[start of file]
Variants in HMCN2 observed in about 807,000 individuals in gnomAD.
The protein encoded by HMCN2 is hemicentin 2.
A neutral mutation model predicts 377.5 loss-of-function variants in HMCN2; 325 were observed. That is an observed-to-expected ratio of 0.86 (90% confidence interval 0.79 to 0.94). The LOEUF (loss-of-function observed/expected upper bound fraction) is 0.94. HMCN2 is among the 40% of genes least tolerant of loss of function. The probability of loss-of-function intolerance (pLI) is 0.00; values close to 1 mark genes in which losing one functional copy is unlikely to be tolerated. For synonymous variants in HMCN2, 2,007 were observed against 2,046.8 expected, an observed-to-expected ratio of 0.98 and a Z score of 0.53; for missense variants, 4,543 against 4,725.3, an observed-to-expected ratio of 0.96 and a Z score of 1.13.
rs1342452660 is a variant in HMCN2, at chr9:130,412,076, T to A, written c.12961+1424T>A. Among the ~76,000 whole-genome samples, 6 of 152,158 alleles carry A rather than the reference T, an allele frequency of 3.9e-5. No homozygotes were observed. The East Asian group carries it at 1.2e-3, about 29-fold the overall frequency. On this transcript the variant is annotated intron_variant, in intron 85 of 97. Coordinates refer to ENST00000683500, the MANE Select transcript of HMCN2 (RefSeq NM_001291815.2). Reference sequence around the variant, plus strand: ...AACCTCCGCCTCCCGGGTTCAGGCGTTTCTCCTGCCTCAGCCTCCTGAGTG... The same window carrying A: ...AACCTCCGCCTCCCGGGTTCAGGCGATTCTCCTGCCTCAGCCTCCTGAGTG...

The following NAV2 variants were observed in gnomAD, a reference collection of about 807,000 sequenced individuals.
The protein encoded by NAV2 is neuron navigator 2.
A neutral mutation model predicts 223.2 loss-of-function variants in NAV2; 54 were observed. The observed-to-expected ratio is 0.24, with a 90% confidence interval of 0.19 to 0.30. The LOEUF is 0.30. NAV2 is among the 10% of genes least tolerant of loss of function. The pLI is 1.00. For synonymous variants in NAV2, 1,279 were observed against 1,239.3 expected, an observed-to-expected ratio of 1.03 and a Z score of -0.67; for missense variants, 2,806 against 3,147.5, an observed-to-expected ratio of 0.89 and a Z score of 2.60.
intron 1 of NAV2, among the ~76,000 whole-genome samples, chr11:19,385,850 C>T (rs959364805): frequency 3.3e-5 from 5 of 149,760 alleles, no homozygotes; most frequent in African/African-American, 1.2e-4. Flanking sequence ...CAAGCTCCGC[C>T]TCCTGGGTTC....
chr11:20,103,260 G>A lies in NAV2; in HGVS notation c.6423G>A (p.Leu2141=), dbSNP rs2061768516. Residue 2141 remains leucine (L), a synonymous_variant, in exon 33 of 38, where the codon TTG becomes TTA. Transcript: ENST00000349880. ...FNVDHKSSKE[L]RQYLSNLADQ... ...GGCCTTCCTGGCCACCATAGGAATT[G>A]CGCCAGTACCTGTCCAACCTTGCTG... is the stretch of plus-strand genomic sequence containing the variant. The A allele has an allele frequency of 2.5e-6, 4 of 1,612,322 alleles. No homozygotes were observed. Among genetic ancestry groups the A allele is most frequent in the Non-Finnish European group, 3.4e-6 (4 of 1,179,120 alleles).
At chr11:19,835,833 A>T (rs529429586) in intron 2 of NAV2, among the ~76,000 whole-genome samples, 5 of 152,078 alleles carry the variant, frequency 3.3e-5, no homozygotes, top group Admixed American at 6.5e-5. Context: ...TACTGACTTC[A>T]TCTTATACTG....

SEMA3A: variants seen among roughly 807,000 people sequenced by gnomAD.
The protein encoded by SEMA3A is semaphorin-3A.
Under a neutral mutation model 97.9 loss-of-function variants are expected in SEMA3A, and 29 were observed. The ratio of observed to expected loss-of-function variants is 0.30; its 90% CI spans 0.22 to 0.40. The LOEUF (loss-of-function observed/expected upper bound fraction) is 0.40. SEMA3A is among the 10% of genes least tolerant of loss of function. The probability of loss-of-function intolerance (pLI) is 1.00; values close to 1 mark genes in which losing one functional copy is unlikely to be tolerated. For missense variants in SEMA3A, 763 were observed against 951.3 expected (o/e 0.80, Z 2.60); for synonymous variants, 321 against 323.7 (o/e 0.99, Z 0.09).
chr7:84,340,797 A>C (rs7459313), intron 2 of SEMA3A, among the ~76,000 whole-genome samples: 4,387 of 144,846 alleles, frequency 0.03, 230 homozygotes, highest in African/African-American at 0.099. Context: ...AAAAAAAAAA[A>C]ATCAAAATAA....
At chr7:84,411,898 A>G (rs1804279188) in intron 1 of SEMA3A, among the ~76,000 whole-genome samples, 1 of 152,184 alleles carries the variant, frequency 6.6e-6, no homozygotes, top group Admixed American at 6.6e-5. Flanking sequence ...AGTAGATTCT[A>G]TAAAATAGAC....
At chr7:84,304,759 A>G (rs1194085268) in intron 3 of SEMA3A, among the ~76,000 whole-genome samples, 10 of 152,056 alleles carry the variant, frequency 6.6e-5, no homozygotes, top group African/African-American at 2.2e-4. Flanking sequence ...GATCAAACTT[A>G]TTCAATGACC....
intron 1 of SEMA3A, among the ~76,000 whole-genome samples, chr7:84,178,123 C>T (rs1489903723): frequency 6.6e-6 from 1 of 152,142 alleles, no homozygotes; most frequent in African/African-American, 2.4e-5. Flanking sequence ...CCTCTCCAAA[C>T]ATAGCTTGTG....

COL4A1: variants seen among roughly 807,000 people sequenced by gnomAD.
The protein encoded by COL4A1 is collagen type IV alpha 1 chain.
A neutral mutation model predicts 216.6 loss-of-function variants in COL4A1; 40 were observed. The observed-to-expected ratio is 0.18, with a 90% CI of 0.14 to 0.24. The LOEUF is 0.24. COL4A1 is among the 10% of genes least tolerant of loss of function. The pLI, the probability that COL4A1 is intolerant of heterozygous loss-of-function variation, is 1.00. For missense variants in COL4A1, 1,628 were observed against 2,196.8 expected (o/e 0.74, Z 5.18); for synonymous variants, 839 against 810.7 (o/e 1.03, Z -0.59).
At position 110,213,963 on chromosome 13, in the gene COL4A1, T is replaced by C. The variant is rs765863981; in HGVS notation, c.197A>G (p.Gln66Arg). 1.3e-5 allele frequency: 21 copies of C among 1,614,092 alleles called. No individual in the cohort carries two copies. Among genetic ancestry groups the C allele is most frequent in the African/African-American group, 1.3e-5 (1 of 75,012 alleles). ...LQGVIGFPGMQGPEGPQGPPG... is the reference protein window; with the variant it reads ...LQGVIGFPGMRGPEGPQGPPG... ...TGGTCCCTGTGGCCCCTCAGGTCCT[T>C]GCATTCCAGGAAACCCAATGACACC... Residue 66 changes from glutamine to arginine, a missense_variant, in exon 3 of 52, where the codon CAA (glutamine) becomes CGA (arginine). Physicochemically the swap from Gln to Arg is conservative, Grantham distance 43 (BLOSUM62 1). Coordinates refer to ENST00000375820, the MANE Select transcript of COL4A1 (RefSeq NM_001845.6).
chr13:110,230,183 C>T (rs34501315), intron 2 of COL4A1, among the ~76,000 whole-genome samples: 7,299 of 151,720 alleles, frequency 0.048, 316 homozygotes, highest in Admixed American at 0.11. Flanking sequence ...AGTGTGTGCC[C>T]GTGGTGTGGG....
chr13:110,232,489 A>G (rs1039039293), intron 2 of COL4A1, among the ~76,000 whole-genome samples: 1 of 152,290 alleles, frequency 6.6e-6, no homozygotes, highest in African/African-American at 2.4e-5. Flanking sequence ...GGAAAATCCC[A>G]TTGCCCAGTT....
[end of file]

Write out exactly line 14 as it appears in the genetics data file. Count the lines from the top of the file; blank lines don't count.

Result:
chr7:84,340,797 A>C (rs7459313), intron 2 of SEMA3A, among the ~76,000 whole-genome samples: 4,387 of 144,846 alleles, frequency 0.03, 230 homozygotes, highest in African/African-American at 0.099. Context: ...AAAAAAAAAA[A>C]ATCAAAATAA....